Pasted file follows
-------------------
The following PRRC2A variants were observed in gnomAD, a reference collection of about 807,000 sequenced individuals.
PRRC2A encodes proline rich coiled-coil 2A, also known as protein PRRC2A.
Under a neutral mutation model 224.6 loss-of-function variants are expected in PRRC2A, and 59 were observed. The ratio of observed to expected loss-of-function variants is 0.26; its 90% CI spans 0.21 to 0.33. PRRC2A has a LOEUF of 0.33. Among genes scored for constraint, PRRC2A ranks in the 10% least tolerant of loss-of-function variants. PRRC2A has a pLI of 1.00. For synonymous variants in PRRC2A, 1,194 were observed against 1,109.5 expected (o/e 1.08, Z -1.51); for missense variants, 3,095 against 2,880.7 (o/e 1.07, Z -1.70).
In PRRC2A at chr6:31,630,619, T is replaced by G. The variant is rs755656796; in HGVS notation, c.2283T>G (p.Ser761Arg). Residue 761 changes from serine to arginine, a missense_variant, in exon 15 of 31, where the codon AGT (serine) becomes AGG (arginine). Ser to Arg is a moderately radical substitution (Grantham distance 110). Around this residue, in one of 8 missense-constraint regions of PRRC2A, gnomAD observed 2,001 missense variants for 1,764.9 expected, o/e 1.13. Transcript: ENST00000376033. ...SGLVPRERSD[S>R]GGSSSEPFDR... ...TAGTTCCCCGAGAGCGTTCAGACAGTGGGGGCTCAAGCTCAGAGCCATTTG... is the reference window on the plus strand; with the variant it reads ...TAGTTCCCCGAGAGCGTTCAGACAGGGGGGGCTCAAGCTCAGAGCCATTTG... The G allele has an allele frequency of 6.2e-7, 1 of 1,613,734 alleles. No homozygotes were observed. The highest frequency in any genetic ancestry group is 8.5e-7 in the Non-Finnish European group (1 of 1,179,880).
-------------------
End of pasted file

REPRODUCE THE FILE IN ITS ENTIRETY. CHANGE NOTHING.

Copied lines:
The following PRRC2A variants were observed in gnomAD, a reference collection of about 807,000 sequenced individuals.
PRRC2A encodes proline rich coiled-coil 2A, also known as protein PRRC2A.
Under a neutral mutation model 224.6 loss-of-function variants are expected in PRRC2A, and 59 were observed. The ratio of observed to expected loss-of-function variants is 0.26; its 90% CI spans 0.21 to 0.33. PRRC2A has a LOEUF of 0.33. Among genes scored for constraint, PRRC2A ranks in the 10% least tolerant of loss-of-function variants. PRRC2A has a pLI of 1.00. For synonymous variants in PRRC2A, 1,194 were observed against 1,109.5 expected (o/e 1.08, Z -1.51); for missense variants, 3,095 against 2,880.7 (o/e 1.07, Z -1.70).
In PRRC2A at chr6:31,630,619, T is replaced by G. The variant is rs755656796; in HGVS notation, c.2283T>G (p.Ser761Arg). Residue 761 changes from serine to arginine, a missense_variant, in exon 15 of 31, where the codon AGT (serine) becomes AGG (arginine). Ser to Arg is a moderately radical substitution (Grantham distance 110). Around this residue, in one of 8 missense-constraint regions of PRRC2A, gnomAD observed 2,001 missense variants for 1,764.9 expected, o/e 1.13. Transcript: ENST00000376033. ...SGLVPRERSD[S>R]GGSSSEPFDR... ...TAGTTCCCCGAGAGCGTTCAGACAGTGGGGGCTCAAGCTCAGAGCCATTTG... is the reference window on the plus strand; with the variant it reads ...TAGTTCCCCGAGAGCGTTCAGACAGGGGGGGCTCAAGCTCAGAGCCATTTG... The G allele has an allele frequency of 6.2e-7, 1 of 1,613,734 alleles. No homozygotes were observed. The highest frequency in any genetic ancestry group is 8.5e-7 in the Non-Finnish European group (1 of 1,179,880).